St. Mary's Law Journal


Laura Ketterman


Disabled children benefit from federal legislation which guarantees a free, appropriate education. While no federal mandate requires providing special education for gifted and talented children, the government encourages schools to offer gifted and talented programs. Gifted and talented children with emotional disabilities, however, often fall between these two groups and do not qualify for special education under any legislation. Unfortunately, in many gifted and talented children with disabilities the gift hides the disability—or the disability hides the gift. To compound the problem, legislation and recent court decisions fail to recognize that gifted and talented children have unique needs which should be considered when planning an appropriate education. Many education professionals do not recognize that a child can be both gifted and disabled. The usual method of identifying children with disabilities is not appropriate for identifying the hidden potential of disabled, gifted and talented children. A disabled child is afforded the Individuals with Disabilities Education Act (IDEA) to provide them an appropriate education. In contrast, a gifted and talented child with a disability—whose grades are at or above average—has no such legislative protection to ensure they receive an appropriate education. In many cases, the disability may be perceived as not having an adverse effect on the child’s educational performance. Since one of the requirements to receive benefits under the IDEA is for the disability to adversely affect the performance of a child, gifted children with disabilities are often excluded from IDEA. Every child should be educated through a method which allows that child to reach their full potential; otherwise mediocrity remains the goal of American schools.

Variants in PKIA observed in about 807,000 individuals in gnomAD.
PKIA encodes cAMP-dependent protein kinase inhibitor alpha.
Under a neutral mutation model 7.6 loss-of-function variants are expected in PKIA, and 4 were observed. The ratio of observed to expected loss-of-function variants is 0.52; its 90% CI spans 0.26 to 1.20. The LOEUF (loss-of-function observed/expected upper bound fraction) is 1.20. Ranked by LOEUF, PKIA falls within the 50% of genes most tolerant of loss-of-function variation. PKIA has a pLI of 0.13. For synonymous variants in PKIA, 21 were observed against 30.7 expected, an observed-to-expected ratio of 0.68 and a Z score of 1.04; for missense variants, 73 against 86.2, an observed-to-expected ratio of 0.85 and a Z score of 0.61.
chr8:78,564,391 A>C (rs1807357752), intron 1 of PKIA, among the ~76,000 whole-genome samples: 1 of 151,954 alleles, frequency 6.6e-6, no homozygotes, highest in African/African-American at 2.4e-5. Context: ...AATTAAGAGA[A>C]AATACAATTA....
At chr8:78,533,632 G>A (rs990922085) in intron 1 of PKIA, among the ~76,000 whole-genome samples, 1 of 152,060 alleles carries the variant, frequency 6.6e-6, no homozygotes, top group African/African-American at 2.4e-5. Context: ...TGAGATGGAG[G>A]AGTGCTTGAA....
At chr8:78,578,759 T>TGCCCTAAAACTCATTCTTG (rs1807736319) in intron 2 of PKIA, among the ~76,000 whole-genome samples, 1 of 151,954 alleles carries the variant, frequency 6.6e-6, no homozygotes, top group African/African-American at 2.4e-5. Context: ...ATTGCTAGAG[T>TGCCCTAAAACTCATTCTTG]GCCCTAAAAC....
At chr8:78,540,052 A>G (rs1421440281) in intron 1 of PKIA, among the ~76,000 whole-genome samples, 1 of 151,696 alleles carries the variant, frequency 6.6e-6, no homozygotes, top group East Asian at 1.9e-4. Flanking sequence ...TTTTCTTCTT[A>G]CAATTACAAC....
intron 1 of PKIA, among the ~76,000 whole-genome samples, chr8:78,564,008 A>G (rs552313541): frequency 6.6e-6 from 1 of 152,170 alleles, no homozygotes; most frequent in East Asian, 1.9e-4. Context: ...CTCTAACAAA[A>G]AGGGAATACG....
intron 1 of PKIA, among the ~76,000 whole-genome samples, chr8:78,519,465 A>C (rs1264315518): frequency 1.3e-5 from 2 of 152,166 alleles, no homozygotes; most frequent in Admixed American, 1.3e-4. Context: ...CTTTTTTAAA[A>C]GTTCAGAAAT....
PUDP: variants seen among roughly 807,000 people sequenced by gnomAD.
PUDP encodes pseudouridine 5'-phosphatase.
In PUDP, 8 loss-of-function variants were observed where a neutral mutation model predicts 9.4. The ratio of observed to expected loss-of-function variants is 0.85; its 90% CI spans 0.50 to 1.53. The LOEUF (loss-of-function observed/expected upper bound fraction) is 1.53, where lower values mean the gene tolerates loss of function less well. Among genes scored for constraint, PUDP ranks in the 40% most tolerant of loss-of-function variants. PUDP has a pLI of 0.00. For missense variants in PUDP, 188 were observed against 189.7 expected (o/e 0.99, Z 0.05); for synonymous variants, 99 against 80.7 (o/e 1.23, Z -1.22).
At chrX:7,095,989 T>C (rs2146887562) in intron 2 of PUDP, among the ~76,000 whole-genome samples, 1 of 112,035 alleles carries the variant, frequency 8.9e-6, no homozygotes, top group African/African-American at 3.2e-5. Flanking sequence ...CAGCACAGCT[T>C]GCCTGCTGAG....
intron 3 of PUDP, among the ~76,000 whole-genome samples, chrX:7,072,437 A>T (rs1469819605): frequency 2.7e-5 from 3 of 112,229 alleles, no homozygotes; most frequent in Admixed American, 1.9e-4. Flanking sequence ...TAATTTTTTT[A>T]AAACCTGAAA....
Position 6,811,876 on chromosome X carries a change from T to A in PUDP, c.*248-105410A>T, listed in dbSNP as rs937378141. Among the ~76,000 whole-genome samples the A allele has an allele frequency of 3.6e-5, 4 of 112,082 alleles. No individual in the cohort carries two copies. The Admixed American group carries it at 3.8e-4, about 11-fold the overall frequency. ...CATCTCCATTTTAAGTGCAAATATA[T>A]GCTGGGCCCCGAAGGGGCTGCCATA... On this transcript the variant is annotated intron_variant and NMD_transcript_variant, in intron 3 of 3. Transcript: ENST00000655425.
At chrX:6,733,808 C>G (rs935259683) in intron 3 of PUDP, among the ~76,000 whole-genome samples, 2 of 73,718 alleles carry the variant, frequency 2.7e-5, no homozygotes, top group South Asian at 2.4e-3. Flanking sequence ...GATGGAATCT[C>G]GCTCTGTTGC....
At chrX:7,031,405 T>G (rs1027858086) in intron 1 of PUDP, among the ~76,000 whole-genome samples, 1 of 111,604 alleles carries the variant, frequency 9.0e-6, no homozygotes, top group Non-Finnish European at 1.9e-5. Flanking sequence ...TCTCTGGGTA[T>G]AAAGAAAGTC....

St. Mary's University School of Law